After an interminable and completely unnecessary delay, the NCAA hockey tournament resumes today with two Frozen Four semi-finals in Tampa Bay (sigh). The marquee matchup is tonight’s contest between top ranked Boston College and the University of Minnesota. The winner of the this game will be heavily favored to go on and win the national championship on Saturday.
As a Gopher fan, I’m both excited and nervous about the prospect of facing BC tonight. I watched some of their games down the stretch (the Hockey East championship game and the regionals) and they are an imposing squad. Shutting out UMD in their regional final was particularly impressive. The Gophers are going to need to get on the board early and a lucky bounce or two certainly would help.
This afternoon’s Frozen Four semi-final features two teams that aren’t exactly household names, even for college hockey fans. Since Ferris State University plays in the CCHA, they’re somewhat familiar (and no, it’s not true that the school takes its name from that fictional Bueller fellow). But Union College is pretty much a complete unknown. A piece in yesterday’s WSJ by a Union alum who once tried to kill the hockey program there helped shed some light (sub req):
As I write this, my alma mater, Union College, with an enrollment of 2,157 and no athletic scholarships, is preparing for its first appearance in college hockey's "Frozen Four"—the sport's national semifinals. The game is Thursday. But before I wave my garnet-and-white flag, I need to come clean: 21 years ago, I did everything in my power to kill Union's Division I hockey program before it started.
Founded in 1795 as one of the country's first nondenominational colleges, Union claims that by 1830 it was part of a so-called "big four" with Harvard, Yale, and Princeton. I have never heard anyone who went to Harvard, Yale or Princeton make this claim. That is important, because the desire to reclaim some supposed former glory is the central reason Union is in the Frozen Four—and the reason I've become the school's version of John Sculley, the former Apple executive who decided in 1986 that Steve Jobs was going to ruin the place.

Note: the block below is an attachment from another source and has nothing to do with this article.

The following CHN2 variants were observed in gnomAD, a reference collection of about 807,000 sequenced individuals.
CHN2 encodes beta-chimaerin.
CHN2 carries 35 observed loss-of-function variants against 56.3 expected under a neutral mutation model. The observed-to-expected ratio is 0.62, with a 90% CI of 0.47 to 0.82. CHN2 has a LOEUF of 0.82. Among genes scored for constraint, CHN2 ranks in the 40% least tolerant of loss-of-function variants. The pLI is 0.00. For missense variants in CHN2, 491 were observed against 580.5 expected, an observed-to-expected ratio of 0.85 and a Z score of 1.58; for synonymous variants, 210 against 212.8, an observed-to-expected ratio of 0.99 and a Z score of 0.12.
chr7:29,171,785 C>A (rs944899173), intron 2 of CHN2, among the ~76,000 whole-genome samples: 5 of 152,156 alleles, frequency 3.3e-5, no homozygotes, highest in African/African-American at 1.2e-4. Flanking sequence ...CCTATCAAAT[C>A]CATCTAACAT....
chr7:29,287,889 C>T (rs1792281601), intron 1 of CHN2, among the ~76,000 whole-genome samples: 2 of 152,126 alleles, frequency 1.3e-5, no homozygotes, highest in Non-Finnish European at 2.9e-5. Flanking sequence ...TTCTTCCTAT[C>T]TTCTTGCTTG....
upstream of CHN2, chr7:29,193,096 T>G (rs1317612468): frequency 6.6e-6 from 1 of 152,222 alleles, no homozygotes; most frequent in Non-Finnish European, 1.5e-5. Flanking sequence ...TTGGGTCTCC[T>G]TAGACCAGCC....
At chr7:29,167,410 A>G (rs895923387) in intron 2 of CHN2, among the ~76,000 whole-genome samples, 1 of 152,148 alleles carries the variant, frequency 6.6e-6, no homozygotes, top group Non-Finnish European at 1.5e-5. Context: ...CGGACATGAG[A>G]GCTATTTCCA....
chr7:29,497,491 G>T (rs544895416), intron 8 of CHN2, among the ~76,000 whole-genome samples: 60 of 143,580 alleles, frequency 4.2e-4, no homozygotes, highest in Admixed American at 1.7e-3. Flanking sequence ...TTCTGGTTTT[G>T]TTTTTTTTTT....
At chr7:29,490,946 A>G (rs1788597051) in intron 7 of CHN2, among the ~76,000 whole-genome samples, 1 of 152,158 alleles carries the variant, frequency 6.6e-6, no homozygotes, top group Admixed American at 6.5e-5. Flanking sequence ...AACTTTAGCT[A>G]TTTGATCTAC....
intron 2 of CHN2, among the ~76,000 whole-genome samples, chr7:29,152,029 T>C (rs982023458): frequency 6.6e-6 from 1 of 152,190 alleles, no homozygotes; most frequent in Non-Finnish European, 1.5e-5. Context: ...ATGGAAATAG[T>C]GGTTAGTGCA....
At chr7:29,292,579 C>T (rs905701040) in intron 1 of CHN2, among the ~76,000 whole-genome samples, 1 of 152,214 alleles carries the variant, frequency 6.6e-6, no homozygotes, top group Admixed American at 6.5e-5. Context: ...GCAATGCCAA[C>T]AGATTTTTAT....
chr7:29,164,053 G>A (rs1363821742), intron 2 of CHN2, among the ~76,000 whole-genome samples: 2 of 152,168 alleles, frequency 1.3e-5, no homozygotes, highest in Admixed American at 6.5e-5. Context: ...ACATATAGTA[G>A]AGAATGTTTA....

Known as the "mother of fraternities," Union birthed undergraduate Greek life and produced Chester A. Arthur, the forgettable 21st president. The college scenes in "The Way We Were" were filmed there and the campus features one the world's only 16-sided symmetrical buildings. Not exactly marketing gold for a private college that runs about $54,000 a year.
That is one small school. And a spendy one. Considering those factors, putting a top notch hockey team on the ice is quite an achievement.
To Roger Hull, Union's president at the time, joining the ECAC and building a great hockey team would raise the profile of a college then known as something of a safety school for the most selective northeastern institutions. "You're known by the company you keep," Hull, who retired in 2005, said in an interview Monday night.
I thought this was a horrible idea. A senior at the time, I argued In multiple letters to the school newspaper and at a town-hall meeting that the logic of attracting better students with a better hockey team was cockeyed.
"By entering Division I, this emphasis on athletics, possibly at the expense of attention to academics, may increase drastically," I warned in one letter. Why not create the country's best English or chemistry department? I suggested creating a curriculum based on classic writings of Western civilization (yet another step toward the wrong side of history).
You gotta give credit to a guy can admit it when he’s wrong. And it seems like Union’s plan to use hockey to put itself on the map has worked to a least some extent. I’m sure I’m not the only one who’s learned far more about the school than I ever previously wanted to know because of their appearance in the Frozen Four.
It’s been a good run for Union so far and it will be interesting to see whether they can continue it today. No matter how today’s games turn out, we’ll see a Saturday showdown between one of college hockey’s traditional powerhouses and a relatively new team on the scene. The puck drops at 3:30pm (central) today. Finally.